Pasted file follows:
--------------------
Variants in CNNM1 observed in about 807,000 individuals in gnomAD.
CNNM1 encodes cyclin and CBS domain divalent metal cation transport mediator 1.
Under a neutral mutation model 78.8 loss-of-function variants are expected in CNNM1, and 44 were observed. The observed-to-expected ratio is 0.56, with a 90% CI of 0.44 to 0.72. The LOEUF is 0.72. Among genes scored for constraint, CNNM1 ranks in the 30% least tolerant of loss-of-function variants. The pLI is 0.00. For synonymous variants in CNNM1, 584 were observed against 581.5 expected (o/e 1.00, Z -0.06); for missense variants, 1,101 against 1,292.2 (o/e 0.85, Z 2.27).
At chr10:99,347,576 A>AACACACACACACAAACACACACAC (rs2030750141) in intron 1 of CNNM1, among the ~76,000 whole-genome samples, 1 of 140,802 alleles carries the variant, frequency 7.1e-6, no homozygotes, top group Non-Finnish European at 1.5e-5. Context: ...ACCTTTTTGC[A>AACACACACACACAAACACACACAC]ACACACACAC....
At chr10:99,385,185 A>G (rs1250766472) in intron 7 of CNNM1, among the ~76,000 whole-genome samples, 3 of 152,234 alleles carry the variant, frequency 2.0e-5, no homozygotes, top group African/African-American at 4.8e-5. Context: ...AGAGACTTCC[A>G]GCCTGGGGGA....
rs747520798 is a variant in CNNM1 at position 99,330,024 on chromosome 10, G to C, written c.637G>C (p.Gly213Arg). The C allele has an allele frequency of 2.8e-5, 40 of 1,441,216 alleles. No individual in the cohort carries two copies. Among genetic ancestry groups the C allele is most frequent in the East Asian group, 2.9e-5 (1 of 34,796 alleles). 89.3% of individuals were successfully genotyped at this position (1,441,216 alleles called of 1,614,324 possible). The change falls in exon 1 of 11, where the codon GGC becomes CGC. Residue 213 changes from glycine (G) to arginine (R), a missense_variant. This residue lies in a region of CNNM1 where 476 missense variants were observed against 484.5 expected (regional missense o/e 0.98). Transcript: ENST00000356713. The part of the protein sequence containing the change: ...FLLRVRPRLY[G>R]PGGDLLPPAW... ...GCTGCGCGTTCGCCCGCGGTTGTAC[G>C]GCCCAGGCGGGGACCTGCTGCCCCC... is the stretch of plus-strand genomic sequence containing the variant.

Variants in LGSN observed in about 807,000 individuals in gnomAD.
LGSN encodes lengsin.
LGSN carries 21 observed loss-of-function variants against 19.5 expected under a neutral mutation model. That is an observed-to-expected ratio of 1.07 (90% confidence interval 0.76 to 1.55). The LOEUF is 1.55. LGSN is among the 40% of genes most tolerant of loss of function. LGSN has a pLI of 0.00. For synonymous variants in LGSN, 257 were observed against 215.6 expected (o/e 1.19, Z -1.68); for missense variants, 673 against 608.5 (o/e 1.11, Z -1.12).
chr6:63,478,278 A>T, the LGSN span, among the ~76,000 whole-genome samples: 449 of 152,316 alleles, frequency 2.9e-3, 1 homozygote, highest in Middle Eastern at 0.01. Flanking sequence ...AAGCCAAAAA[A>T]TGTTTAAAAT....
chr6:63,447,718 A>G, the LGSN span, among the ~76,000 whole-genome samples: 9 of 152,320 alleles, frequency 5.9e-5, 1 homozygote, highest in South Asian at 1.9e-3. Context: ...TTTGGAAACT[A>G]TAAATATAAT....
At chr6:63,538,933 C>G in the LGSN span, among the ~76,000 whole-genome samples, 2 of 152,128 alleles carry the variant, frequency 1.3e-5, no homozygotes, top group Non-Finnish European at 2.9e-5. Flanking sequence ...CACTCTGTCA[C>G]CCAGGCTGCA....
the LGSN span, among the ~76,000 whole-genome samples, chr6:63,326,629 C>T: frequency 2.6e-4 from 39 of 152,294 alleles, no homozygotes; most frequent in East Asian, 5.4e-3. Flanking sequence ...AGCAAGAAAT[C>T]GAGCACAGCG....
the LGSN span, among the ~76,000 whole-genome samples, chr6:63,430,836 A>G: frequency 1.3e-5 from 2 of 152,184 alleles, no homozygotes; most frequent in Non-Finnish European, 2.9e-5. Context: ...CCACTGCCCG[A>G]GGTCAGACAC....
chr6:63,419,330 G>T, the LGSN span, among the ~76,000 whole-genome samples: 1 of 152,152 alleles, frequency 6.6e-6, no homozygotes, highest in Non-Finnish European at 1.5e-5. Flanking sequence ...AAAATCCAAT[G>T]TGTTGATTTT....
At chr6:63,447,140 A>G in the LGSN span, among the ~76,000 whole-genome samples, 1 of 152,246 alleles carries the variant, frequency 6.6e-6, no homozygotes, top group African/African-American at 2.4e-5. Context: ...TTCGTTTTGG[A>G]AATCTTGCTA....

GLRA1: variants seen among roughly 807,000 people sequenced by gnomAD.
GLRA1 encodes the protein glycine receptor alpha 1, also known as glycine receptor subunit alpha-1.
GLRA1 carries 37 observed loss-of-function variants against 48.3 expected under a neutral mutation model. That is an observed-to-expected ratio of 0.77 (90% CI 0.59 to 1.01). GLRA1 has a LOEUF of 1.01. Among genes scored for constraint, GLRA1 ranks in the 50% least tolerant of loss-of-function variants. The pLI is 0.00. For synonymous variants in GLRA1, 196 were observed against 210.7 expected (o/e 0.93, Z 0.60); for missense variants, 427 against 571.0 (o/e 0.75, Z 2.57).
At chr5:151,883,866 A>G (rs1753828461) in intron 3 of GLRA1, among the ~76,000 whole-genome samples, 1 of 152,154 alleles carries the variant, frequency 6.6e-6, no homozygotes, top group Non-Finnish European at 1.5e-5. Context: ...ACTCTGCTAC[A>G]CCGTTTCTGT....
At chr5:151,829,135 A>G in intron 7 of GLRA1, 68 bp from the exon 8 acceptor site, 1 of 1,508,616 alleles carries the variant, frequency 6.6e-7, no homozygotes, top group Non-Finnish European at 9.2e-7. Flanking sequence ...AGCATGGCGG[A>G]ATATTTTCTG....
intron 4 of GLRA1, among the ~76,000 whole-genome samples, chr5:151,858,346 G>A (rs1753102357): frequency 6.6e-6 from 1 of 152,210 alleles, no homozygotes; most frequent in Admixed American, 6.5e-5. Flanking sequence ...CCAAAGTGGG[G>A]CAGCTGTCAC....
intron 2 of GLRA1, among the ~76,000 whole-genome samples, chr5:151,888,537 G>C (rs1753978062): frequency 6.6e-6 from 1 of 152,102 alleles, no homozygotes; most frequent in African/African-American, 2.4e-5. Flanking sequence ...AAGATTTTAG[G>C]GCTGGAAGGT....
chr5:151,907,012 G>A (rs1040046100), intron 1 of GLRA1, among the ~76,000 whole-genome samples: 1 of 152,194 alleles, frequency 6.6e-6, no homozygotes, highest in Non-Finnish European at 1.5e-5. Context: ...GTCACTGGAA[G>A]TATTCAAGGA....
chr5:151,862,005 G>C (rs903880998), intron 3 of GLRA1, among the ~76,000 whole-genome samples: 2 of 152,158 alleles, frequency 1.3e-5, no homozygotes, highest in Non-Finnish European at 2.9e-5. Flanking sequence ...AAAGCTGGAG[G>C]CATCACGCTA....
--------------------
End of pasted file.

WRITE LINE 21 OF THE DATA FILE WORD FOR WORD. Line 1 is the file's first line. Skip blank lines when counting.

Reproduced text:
At chr5:151,829,135 A>G in intron 7 of GLRA1, 68 bp from the exon 8 acceptor site, 1 of 1,508,616 alleles carries the variant, frequency 6.6e-7, no homozygotes, top group Non-Finnish European at 9.2e-7. Flanking sequence ...AGCATGGCGG[A>G]ATATTTTCTG....